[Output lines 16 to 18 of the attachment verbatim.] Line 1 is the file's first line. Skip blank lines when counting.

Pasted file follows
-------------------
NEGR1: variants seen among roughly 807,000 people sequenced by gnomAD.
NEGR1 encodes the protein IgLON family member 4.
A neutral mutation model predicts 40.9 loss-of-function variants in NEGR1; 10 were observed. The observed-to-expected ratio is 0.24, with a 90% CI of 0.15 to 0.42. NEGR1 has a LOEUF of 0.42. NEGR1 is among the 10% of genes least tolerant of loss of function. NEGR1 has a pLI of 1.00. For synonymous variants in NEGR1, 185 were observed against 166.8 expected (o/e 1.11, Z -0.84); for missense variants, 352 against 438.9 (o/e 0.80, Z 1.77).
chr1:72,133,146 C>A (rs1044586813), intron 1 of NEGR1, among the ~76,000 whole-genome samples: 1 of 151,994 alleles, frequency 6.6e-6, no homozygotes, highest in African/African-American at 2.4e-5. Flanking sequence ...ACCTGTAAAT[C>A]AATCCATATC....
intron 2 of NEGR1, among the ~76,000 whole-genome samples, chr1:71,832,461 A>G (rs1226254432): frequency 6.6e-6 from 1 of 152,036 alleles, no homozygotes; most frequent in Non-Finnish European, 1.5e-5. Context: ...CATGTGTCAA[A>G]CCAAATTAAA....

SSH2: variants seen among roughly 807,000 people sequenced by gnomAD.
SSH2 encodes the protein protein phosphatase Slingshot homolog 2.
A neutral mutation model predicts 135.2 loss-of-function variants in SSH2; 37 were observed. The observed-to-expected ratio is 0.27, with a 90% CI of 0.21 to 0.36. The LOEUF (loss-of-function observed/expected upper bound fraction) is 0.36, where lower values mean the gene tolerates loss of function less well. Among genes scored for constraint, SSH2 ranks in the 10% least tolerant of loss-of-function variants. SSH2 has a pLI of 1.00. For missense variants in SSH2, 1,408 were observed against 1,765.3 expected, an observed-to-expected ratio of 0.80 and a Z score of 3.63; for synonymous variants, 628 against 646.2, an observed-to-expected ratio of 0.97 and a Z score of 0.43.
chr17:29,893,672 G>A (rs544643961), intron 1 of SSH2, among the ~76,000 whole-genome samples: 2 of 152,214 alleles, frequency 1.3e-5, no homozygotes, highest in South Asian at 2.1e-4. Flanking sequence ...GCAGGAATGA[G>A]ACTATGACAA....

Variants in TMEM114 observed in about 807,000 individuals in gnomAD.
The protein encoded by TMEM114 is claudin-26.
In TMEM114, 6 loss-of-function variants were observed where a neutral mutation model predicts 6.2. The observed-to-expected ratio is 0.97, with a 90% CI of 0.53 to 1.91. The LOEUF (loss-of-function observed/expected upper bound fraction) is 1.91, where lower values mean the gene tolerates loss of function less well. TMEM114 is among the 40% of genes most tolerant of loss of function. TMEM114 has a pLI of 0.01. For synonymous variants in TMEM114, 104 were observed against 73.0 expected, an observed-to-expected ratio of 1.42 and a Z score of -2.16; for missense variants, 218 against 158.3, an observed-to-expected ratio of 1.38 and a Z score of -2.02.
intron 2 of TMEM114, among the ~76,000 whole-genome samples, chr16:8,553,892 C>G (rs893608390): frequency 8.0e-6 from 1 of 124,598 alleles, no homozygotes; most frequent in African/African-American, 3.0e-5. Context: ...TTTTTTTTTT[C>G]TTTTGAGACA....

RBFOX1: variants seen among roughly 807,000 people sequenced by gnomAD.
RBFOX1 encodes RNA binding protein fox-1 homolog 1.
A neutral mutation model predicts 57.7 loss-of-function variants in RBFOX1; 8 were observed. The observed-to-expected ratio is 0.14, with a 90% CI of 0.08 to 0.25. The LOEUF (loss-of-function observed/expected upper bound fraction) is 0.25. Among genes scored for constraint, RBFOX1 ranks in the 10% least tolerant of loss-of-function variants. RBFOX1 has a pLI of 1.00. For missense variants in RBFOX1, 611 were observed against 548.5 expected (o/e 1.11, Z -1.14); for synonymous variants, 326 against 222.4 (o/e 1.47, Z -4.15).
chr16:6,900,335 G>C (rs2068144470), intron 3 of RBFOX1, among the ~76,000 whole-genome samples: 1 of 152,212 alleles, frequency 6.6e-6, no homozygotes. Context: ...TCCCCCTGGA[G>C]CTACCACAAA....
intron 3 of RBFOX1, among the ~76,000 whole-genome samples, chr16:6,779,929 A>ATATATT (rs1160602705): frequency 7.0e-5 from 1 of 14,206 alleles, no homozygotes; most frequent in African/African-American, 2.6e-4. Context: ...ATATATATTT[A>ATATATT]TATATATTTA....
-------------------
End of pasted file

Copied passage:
A neutral mutation model predicts 57.7 loss-of-function variants in RBFOX1; 8 were observed. The observed-to-expected ratio is 0.14, with a 90% CI of 0.08 to 0.25. The LOEUF (loss-of-function observed/expected upper bound fraction) is 0.25. Among genes scored for constraint, RBFOX1 ranks in the 10% least tolerant of loss-of-function variants. RBFOX1 has a pLI of 1.00. For missense variants in RBFOX1, 611 were observed against 548.5 expected (o/e 1.11, Z -1.14); for synonymous variants, 326 against 222.4 (o/e 1.47, Z -4.15).
chr16:6,900,335 G>C (rs2068144470), intron 3 of RBFOX1, among the ~76,000 whole-genome samples: 1 of 152,212 alleles, frequency 6.6e-6, no homozygotes. Context: ...TCCCCCTGGA[G>C]CTACCACAAA....
intron 3 of RBFOX1, among the ~76,000 whole-genome samples, chr16:6,779,929 A>ATATATT (rs1160602705): frequency 7.0e-5 from 1 of 14,206 alleles, no homozygotes; most frequent in African/African-American, 2.6e-4. Context: ...ATATATATTT[A>ATATATT]TATATATTTA....